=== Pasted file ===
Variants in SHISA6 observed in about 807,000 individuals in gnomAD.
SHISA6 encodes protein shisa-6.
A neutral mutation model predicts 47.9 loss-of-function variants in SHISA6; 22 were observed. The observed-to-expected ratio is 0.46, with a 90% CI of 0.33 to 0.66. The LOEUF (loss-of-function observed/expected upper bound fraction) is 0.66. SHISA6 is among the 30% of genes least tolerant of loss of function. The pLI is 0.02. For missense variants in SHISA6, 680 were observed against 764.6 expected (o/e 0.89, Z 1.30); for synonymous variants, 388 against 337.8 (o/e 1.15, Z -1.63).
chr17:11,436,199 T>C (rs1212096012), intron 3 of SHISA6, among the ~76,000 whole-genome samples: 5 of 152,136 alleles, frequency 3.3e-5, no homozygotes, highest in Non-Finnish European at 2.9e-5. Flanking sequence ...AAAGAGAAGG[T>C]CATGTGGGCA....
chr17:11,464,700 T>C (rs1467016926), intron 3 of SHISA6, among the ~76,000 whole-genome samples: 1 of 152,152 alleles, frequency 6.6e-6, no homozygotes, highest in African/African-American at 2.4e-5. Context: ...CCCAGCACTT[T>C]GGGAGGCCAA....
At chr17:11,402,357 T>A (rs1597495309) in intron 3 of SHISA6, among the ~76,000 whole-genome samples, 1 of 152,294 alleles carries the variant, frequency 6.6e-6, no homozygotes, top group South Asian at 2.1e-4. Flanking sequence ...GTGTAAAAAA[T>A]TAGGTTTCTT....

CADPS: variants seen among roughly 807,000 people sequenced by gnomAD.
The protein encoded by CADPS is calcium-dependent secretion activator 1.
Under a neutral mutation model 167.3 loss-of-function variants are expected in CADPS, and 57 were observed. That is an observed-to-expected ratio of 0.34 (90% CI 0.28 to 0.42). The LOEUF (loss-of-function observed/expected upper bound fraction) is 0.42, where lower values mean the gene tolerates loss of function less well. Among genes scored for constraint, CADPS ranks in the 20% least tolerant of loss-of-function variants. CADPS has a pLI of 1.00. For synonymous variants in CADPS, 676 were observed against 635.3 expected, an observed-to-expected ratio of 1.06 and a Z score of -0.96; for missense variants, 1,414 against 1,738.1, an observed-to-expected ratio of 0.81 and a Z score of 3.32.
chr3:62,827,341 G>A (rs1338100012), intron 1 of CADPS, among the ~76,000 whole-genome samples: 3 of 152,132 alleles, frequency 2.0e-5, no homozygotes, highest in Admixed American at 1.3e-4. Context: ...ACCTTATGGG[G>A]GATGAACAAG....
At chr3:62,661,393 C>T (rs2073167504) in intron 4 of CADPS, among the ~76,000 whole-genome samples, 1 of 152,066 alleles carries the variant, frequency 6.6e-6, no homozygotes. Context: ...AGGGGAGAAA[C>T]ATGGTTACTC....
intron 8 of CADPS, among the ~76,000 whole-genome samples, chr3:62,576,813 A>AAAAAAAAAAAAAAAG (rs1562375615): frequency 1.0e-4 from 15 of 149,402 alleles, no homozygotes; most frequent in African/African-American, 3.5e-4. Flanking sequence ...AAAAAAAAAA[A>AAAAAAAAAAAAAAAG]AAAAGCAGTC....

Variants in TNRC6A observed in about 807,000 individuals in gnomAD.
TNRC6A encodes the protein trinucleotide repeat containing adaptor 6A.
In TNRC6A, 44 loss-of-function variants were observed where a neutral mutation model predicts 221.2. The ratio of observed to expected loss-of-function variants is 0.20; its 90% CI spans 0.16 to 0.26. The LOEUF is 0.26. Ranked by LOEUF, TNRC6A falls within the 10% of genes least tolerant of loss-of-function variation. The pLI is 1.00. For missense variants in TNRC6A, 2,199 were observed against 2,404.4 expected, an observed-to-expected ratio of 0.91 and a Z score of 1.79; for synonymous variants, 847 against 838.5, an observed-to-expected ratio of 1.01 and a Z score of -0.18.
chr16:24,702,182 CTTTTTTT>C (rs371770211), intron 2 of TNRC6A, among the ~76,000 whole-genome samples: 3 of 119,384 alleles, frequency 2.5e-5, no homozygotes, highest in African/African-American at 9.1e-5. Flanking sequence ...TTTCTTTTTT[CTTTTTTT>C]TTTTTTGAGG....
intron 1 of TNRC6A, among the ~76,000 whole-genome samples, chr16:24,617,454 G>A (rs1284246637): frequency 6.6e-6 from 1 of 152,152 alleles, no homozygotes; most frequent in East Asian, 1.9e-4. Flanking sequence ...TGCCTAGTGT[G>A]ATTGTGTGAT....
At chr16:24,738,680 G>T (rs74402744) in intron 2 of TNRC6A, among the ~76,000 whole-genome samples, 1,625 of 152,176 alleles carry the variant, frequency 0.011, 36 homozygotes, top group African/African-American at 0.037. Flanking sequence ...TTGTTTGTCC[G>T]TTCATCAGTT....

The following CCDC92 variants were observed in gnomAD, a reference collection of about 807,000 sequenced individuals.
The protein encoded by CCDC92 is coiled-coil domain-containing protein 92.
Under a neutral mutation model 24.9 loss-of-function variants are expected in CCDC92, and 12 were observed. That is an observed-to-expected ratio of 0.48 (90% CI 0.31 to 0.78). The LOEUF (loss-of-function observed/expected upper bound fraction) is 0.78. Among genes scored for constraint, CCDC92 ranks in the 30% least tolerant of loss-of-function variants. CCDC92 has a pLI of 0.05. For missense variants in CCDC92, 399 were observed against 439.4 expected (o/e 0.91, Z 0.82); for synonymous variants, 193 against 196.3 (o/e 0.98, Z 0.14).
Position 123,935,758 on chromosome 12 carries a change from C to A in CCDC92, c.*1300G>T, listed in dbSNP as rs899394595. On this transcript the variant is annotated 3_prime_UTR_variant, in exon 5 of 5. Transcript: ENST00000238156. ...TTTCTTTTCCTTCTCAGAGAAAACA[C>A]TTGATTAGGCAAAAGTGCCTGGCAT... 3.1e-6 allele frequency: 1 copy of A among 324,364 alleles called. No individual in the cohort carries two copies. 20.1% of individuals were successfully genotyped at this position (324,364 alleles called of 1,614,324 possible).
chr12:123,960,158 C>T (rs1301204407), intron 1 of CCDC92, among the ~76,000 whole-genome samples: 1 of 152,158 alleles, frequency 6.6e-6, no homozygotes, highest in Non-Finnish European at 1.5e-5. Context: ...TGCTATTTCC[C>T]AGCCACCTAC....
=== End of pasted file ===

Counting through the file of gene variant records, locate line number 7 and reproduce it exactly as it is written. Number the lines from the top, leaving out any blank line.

CADPS: variants seen among roughly 807,000 people sequenced by gnomAD.